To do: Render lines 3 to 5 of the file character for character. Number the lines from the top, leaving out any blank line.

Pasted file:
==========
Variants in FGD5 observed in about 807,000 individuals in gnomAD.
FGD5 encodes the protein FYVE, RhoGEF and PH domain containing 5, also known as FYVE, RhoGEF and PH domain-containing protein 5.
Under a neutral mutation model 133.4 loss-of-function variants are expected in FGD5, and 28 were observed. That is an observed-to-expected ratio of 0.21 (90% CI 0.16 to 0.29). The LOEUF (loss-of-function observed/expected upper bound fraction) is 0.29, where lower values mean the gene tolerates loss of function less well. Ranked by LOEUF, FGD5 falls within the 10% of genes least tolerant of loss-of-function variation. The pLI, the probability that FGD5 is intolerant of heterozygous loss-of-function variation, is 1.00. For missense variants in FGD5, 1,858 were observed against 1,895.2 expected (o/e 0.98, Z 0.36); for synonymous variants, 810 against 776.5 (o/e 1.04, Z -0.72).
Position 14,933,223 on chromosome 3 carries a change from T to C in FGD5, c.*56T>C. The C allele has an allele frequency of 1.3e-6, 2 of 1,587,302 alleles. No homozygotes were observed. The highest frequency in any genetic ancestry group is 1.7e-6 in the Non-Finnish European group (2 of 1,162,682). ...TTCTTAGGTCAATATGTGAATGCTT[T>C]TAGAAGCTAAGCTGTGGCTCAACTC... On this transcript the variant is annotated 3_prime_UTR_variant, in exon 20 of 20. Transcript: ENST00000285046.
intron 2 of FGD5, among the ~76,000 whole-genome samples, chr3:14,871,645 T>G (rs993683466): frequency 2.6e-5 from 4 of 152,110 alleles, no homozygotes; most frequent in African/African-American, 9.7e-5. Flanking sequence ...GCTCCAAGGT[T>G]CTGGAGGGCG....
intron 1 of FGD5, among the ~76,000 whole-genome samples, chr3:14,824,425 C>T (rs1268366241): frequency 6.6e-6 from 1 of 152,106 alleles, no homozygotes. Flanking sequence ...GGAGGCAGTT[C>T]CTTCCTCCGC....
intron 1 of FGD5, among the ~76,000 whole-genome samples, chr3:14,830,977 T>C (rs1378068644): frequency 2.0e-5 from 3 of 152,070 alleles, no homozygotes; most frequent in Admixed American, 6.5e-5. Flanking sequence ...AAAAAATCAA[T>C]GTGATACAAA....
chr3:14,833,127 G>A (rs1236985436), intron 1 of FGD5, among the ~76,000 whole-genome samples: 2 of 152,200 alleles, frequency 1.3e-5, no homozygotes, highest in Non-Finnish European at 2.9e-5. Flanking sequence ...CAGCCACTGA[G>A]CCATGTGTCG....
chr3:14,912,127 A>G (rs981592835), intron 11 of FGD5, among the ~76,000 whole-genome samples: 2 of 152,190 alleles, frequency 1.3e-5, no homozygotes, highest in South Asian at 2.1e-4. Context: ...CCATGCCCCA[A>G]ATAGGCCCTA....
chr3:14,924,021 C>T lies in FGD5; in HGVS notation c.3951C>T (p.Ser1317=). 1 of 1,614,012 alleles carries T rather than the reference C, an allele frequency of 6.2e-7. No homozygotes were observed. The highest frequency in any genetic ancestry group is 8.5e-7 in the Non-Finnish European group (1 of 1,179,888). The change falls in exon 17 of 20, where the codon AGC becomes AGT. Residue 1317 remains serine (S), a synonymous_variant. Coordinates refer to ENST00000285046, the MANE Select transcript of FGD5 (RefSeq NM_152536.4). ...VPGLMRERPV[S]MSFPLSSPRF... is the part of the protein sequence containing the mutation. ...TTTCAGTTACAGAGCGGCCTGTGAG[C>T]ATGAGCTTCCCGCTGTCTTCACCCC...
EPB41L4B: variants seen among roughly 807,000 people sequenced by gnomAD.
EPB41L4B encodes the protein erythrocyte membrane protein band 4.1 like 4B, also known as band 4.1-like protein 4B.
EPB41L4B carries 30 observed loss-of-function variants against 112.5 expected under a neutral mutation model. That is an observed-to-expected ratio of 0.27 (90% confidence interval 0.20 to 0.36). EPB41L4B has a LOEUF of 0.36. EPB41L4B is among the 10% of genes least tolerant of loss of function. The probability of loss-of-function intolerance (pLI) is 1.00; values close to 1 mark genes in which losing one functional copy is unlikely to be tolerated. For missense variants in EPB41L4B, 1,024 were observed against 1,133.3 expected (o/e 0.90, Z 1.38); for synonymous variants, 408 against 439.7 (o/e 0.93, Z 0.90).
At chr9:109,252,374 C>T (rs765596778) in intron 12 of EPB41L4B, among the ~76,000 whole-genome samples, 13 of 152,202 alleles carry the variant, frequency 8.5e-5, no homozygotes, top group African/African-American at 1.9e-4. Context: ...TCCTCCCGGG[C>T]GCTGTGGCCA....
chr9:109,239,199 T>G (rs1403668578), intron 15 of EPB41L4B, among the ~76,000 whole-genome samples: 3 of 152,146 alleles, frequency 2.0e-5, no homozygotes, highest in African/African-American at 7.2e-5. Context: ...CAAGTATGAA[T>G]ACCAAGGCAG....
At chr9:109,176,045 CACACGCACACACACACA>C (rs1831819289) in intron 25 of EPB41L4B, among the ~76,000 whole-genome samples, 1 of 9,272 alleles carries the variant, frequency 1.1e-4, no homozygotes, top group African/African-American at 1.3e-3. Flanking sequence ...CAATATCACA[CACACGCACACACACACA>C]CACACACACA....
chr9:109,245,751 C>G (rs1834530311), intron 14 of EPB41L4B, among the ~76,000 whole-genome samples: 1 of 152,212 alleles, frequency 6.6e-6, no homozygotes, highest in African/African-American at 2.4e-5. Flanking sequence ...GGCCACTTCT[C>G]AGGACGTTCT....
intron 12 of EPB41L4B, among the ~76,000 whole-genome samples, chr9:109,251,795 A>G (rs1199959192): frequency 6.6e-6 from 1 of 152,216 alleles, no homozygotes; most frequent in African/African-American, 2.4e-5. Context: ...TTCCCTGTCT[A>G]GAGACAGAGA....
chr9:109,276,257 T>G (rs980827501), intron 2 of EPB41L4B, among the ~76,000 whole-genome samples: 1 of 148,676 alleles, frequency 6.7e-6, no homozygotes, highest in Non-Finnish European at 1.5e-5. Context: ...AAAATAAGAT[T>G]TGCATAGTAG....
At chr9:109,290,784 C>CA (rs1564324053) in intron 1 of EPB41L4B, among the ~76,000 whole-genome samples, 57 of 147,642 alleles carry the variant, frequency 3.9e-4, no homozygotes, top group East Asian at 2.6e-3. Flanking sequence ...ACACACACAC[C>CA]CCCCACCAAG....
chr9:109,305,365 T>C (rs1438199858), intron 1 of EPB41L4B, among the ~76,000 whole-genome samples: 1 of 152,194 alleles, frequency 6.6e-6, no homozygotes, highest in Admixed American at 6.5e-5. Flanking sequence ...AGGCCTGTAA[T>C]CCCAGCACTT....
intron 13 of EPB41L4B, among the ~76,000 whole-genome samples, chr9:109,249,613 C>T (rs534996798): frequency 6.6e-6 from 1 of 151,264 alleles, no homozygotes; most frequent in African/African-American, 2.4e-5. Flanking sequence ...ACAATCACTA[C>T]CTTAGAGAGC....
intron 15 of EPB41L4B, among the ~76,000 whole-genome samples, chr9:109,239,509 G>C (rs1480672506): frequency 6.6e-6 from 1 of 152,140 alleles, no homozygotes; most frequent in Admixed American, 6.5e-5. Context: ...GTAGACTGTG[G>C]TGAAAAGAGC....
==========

Under a neutral mutation model 133.4 loss-of-function variants are expected in FGD5, and 28 were observed. That is an observed-to-expected ratio of 0.21 (90% CI 0.16 to 0.29). The LOEUF (loss-of-function observed/expected upper bound fraction) is 0.29, where lower values mean the gene tolerates loss of function less well. Ranked by LOEUF, FGD5 falls within the 10% of genes least tolerant of loss-of-function variation. The pLI, the probability that FGD5 is intolerant of heterozygous loss-of-function variation, is 1.00. For missense variants in FGD5, 1,858 were observed against 1,895.2 expected (o/e 0.98, Z 0.36); for synonymous variants, 810 against 776.5 (o/e 1.04, Z -0.72).
Position 14,933,223 on chromosome 3 carries a change from T to C in FGD5, c.*56T>C. The C allele has an allele frequency of 1.3e-6, 2 of 1,587,302 alleles. No homozygotes were observed. The highest frequency in any genetic ancestry group is 1.7e-6 in the Non-Finnish European group (2 of 1,162,682). ...TTCTTAGGTCAATATGTGAATGCTT[T>C]TAGAAGCTAAGCTGTGGCTCAACTC... On this transcript the variant is annotated 3_prime_UTR_variant, in exon 20 of 20. Transcript: ENST00000285046.
intron 2 of FGD5, among the ~76,000 whole-genome samples, chr3:14,871,645 T>G (rs993683466): frequency 2.6e-5 from 4 of 152,110 alleles, no homozygotes; most frequent in African/African-American, 9.7e-5. Flanking sequence ...GCTCCAAGGT[T>G]CTGGAGGGCG....